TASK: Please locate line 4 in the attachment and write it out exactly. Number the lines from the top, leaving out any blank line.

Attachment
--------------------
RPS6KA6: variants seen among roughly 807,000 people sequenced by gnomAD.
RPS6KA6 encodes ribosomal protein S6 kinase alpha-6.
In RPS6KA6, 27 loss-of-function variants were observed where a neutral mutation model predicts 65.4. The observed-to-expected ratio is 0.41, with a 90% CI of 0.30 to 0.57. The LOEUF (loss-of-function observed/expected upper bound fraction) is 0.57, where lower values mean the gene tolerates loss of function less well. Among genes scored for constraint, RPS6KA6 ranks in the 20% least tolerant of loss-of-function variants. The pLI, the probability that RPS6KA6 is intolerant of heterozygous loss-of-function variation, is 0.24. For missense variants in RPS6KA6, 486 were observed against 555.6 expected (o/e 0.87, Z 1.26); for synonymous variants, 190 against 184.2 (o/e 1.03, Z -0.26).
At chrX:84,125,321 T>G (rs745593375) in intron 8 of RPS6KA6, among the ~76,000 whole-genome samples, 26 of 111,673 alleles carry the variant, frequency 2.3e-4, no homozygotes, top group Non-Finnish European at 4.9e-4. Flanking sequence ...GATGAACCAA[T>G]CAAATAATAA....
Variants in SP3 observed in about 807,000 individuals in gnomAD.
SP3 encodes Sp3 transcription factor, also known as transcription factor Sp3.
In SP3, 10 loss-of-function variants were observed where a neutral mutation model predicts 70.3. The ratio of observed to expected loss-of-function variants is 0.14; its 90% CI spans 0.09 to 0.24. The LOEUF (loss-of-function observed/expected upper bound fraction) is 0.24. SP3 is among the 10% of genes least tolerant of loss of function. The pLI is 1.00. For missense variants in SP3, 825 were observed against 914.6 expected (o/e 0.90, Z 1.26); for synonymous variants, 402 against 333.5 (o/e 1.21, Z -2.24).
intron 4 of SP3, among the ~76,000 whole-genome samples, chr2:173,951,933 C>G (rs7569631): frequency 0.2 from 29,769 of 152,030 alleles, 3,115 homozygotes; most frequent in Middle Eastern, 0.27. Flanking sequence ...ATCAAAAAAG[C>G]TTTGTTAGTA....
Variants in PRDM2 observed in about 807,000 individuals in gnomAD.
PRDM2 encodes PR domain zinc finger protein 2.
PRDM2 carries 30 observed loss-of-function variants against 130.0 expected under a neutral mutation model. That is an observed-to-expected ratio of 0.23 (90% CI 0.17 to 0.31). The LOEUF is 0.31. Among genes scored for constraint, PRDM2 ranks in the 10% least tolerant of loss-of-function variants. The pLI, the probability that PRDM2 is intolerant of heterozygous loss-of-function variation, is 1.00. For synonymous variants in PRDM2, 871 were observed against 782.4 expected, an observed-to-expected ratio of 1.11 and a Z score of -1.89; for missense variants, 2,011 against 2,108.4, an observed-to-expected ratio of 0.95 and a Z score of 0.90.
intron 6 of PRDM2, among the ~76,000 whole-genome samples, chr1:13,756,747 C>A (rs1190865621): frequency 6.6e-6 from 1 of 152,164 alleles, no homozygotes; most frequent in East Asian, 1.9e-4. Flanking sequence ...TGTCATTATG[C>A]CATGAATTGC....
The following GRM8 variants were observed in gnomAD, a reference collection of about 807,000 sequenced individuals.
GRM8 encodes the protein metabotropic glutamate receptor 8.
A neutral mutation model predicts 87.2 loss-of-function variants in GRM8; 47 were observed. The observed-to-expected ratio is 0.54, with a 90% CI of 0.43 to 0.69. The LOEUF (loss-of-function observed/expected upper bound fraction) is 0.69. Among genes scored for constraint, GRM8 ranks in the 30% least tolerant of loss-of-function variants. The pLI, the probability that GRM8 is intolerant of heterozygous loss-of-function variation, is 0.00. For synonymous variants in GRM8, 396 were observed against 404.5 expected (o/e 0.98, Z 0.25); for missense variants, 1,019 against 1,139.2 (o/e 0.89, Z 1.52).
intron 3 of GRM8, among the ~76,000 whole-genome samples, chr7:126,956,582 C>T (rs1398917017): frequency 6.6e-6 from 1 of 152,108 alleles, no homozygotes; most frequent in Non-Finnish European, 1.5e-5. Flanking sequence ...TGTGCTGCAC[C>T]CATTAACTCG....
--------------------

At chrX:84,125,321 T>G (rs745593375) in intron 8 of RPS6KA6, among the ~76,000 whole-genome samples, 26 of 111,673 alleles carry the variant, frequency 2.3e-4, no homozygotes, top group Non-Finnish European at 4.9e-4. Flanking sequence ...GATGAACCAA[T>G]CAAATAATAA....